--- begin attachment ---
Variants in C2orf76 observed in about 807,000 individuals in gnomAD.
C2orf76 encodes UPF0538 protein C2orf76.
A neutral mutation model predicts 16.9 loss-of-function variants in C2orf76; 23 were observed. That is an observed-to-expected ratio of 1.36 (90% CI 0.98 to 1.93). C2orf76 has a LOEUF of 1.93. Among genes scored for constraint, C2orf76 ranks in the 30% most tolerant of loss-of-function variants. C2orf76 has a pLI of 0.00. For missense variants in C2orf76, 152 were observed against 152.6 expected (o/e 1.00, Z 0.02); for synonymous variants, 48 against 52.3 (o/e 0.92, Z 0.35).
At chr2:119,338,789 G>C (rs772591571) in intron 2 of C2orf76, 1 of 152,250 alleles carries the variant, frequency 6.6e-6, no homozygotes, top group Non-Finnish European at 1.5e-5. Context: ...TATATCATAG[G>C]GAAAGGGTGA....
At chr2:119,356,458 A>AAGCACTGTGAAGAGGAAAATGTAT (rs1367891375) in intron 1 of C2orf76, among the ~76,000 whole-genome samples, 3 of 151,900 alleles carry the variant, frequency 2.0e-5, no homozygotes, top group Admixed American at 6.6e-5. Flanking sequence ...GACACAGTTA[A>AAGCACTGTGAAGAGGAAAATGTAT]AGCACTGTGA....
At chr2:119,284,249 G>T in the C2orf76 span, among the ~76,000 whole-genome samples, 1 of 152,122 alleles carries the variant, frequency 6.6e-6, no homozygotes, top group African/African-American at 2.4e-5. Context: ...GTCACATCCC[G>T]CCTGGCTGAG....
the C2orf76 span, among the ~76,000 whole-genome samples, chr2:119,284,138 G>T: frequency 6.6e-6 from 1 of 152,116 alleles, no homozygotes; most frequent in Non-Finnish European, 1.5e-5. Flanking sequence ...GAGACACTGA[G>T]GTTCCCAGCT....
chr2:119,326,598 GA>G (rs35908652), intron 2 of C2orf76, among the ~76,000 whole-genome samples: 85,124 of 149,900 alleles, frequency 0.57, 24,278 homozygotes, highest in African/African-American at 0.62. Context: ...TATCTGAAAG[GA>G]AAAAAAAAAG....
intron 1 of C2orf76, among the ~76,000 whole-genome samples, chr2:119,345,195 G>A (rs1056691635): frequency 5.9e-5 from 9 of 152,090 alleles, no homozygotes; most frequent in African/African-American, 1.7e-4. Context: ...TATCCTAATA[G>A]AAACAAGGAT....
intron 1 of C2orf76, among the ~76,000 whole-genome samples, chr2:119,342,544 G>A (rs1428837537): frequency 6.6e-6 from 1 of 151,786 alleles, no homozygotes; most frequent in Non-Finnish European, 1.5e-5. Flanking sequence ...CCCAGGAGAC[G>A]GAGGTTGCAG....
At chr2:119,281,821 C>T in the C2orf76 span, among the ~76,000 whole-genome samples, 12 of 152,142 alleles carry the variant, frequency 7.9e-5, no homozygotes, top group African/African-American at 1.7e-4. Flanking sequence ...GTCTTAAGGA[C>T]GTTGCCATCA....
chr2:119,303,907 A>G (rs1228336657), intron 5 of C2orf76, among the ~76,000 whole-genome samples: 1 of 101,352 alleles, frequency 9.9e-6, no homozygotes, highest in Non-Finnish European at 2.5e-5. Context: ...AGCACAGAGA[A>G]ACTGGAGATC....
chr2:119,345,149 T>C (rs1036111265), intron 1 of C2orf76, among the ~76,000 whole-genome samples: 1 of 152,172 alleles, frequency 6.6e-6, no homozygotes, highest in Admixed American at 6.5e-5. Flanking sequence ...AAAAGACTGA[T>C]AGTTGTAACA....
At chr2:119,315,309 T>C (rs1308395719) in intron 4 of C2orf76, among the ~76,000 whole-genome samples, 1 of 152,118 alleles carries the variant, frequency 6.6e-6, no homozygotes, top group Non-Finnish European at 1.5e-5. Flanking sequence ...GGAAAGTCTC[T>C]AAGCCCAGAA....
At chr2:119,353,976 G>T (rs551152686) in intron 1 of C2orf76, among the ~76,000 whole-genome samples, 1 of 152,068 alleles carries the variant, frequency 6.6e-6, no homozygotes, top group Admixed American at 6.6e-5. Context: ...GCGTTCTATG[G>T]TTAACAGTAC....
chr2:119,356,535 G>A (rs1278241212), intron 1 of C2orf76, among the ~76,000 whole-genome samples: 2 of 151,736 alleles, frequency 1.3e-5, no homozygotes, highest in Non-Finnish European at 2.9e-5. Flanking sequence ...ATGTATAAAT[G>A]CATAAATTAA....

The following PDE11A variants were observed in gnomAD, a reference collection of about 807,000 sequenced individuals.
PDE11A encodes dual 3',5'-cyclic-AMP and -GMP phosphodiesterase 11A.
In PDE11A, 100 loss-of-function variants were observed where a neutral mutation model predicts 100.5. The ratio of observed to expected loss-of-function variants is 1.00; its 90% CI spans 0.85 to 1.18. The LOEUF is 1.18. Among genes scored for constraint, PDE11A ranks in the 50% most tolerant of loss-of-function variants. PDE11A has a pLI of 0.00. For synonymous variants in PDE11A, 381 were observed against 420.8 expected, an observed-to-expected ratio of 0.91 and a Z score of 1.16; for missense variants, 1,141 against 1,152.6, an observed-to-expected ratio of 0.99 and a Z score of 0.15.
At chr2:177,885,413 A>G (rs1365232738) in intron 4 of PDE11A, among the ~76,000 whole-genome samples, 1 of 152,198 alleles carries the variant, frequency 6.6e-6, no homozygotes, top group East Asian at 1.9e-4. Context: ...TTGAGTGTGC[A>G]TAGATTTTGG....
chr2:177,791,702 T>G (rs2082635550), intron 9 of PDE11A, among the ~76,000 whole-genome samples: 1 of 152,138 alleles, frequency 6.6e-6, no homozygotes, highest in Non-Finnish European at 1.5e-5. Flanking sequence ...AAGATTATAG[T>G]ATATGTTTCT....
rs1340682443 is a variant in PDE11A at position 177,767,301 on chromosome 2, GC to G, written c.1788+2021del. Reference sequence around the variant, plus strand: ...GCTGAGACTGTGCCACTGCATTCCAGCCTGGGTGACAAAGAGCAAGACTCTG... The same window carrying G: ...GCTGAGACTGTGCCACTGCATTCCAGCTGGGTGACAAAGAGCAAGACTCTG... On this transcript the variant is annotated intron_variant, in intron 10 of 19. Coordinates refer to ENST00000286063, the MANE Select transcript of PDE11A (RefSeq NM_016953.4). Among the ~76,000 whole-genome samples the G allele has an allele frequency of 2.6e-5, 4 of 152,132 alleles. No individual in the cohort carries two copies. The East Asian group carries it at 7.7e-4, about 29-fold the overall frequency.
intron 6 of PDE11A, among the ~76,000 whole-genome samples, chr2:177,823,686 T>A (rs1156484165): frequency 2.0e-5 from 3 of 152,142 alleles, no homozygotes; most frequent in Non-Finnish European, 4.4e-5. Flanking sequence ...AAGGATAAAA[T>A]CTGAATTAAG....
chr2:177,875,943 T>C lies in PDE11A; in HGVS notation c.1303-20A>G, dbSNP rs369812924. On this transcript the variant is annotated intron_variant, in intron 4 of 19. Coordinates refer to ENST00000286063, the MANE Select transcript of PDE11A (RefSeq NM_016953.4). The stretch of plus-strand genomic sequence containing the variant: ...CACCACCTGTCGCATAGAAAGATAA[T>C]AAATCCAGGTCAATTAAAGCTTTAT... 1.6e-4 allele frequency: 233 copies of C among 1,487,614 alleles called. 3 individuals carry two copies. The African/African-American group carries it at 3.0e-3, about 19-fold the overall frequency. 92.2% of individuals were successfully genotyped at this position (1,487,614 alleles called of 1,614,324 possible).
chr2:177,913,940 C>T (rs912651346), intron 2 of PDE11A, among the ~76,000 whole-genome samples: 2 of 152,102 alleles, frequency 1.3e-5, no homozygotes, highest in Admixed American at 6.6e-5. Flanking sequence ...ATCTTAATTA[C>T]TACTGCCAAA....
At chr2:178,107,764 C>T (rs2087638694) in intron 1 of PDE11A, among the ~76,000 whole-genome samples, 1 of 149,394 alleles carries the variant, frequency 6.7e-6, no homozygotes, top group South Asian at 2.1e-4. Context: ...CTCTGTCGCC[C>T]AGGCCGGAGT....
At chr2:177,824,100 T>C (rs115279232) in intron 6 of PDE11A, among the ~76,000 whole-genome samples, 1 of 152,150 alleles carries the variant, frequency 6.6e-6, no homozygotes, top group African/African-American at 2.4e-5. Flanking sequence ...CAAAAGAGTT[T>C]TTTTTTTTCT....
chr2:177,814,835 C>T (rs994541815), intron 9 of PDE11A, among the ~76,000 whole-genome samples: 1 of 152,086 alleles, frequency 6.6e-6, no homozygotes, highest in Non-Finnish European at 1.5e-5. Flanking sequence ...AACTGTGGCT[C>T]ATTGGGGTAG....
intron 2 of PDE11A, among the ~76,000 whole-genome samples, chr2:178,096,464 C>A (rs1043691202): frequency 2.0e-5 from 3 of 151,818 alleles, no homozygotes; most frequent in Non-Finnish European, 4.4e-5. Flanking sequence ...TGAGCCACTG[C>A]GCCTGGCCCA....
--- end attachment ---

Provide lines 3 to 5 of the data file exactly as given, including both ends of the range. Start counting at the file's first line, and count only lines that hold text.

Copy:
A neutral mutation model predicts 16.9 loss-of-function variants in C2orf76; 23 were observed. That is an observed-to-expected ratio of 1.36 (90% CI 0.98 to 1.93). C2orf76 has a LOEUF of 1.93. Among genes scored for constraint, C2orf76 ranks in the 30% most tolerant of loss-of-function variants. C2orf76 has a pLI of 0.00. For missense variants in C2orf76, 152 were observed against 152.6 expected (o/e 1.00, Z 0.02); for synonymous variants, 48 against 52.3 (o/e 0.92, Z 0.35).
At chr2:119,338,789 G>C (rs772591571) in intron 2 of C2orf76, 1 of 152,250 alleles carries the variant, frequency 6.6e-6, no homozygotes, top group Non-Finnish European at 1.5e-5. Context: ...TATATCATAG[G>C]GAAAGGGTGA....
At chr2:119,356,458 A>AAGCACTGTGAAGAGGAAAATGTAT (rs1367891375) in intron 1 of C2orf76, among the ~76,000 whole-genome samples, 3 of 151,900 alleles carry the variant, frequency 2.0e-5, no homozygotes, top group Admixed American at 6.6e-5. Flanking sequence ...GACACAGTTA[A>AAGCACTGTGAAGAGGAAAATGTAT]AGCACTGTGA....